YPSILANTI, Mich. (AP) _ An Eastern Michigan student on Tuesday was ordered to stand trial on two misdemeanor charges in connection with a fight that inspired a protest at a basketball game.

Aaron Johnson will face one count each of resisting and obstructing a police officer and resisting arrest with injury inflicted in connection with the Nov. 7 fight. A felony charge of disarming a police officer was dismissed.

Each charge carries a maximum penalty of two years in prison.

Johnson was arrested after a fight in a university residence hall. Johnson said he accidentally hit officer Kenneth Hardesty while trying to pull apart women involved in a brawl. Johnson also allegedly knocked a can of mace out of the officer's hand. The police officer is on administrative leave.

Monday night, Bowen Field House was cleared of about 1,100 spectators after about 55 demonstrators converged on the basketball court to protest Johnson's arrest and what they called police brutality.

At the protest, Black Student Union leader Anthony Garrett read a list of demands that included firing Hardesty.

``Our mission was to stop the game for the university,'' he said. ``We wanted to hit the university in the wallet, and if that meant stopping the game so that they would have to give refunds, then we accomplished what we wanted.''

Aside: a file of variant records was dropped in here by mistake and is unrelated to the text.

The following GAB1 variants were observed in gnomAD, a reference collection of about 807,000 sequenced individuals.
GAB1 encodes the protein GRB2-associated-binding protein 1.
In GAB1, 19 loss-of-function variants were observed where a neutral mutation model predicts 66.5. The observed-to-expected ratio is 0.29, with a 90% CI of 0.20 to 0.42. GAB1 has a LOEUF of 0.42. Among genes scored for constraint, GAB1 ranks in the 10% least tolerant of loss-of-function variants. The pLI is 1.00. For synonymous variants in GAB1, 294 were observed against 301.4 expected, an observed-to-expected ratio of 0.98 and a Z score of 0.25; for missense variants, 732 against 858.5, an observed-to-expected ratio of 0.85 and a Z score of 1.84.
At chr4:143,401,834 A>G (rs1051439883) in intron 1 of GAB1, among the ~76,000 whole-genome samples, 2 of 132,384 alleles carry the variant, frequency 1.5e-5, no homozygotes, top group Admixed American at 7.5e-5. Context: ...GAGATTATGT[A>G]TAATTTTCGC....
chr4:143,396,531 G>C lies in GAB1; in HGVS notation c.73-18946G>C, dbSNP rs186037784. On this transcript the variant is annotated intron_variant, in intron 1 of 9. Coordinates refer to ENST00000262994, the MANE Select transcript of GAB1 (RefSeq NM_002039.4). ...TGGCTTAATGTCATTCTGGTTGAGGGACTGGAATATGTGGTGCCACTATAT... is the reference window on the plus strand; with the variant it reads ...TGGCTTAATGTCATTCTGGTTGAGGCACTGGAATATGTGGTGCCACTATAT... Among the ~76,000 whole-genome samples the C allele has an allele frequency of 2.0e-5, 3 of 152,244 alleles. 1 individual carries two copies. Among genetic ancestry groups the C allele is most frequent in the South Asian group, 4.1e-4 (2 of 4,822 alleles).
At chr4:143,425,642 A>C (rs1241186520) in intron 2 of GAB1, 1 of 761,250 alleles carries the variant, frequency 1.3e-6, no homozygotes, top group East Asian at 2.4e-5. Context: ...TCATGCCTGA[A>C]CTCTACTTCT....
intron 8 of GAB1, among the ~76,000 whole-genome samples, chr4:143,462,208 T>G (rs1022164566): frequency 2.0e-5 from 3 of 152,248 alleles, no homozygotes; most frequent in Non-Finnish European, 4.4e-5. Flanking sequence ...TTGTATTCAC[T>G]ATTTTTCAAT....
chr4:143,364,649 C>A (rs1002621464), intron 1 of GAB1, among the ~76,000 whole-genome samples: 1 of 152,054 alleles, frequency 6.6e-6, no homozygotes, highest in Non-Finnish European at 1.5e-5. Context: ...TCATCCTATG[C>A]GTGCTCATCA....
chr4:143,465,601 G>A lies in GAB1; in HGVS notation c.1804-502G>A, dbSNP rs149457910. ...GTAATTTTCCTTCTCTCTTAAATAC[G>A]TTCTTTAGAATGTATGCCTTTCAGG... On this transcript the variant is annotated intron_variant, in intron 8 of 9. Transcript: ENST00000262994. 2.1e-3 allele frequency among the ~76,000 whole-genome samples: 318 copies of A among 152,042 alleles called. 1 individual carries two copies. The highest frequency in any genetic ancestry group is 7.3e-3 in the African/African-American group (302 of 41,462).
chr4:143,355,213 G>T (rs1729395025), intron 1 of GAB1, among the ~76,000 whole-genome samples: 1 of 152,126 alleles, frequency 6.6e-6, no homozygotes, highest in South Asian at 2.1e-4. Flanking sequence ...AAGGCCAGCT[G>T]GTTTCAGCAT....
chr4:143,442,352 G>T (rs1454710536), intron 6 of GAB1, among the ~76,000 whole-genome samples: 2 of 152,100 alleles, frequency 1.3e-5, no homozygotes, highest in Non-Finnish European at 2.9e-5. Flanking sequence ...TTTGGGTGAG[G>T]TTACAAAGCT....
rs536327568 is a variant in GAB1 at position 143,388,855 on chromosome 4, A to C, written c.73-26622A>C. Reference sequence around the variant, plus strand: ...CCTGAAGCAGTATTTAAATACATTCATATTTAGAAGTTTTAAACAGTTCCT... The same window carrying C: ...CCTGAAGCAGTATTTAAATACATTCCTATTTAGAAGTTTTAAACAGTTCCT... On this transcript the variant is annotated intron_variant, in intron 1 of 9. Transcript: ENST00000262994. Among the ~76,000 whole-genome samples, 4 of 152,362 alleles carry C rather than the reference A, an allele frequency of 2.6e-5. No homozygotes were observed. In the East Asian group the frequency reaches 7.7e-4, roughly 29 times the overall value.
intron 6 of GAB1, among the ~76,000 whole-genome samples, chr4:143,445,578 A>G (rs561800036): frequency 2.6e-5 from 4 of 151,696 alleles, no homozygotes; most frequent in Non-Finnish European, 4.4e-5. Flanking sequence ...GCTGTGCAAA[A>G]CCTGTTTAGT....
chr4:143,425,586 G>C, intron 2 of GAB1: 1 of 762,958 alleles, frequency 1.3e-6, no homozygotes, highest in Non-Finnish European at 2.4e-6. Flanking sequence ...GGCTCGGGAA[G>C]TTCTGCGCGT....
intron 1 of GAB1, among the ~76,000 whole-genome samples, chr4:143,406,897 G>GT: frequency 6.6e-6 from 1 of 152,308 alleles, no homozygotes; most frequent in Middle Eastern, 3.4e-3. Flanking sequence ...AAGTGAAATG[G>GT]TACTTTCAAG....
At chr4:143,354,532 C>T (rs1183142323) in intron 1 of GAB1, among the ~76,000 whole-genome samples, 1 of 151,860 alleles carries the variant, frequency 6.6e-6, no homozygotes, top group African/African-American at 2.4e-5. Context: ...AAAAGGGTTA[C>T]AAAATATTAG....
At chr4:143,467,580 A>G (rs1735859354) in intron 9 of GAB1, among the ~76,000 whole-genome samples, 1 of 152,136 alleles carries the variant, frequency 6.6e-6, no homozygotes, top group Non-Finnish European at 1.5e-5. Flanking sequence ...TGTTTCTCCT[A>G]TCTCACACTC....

Play resumed between Eastern Michigan and San Francisco State after the protest. Eastern won, 111-61.

Eastern Michigan vice president Kathy Tinney on Tuesday said the university was studying videotape and photographs taken at the protest to determine how many of those involved in the protest were students.

She said any students identified would be charged with violating the student code and subject to penalties ranging from administrative probation to dismissal. Non-students would be charged with trespassing, she said.

The court will be cordoned off during all future basketball games and signs reading ``participants only'' will be posted, she said.

Some students have said the arrest was racially motivated since Hardesty is white and Johnson is black. Tinney said the university considers the matter a police issue, not a racial issue.

University spokeswoman Susan Bairley said the university has been unable to complete its own investigation because officials have been unable to talk with Johnson under the advice of his attorney.

``The university is investigating this incident from many perspectives,'' Bairley said. ``I think the point that needs to be made is the university has made some very strident efforts to communicate with the student.''

University president William Shelton said the protesters had no right to interrupt the game.

``We respect the right of individuals to express their opinions, yet at the same time we believe there is a responsibility of all individuals to respect the rights of others as well,'' Shelton said.

But Garrett said more protests, including leafleting or picketing, are planned if the issue is not resolved.

``The university is not acting in a swift manner,'' he said. ``The students felt that we weren't being heard, and we wanted the whole university to be aware of what's going on on campus.''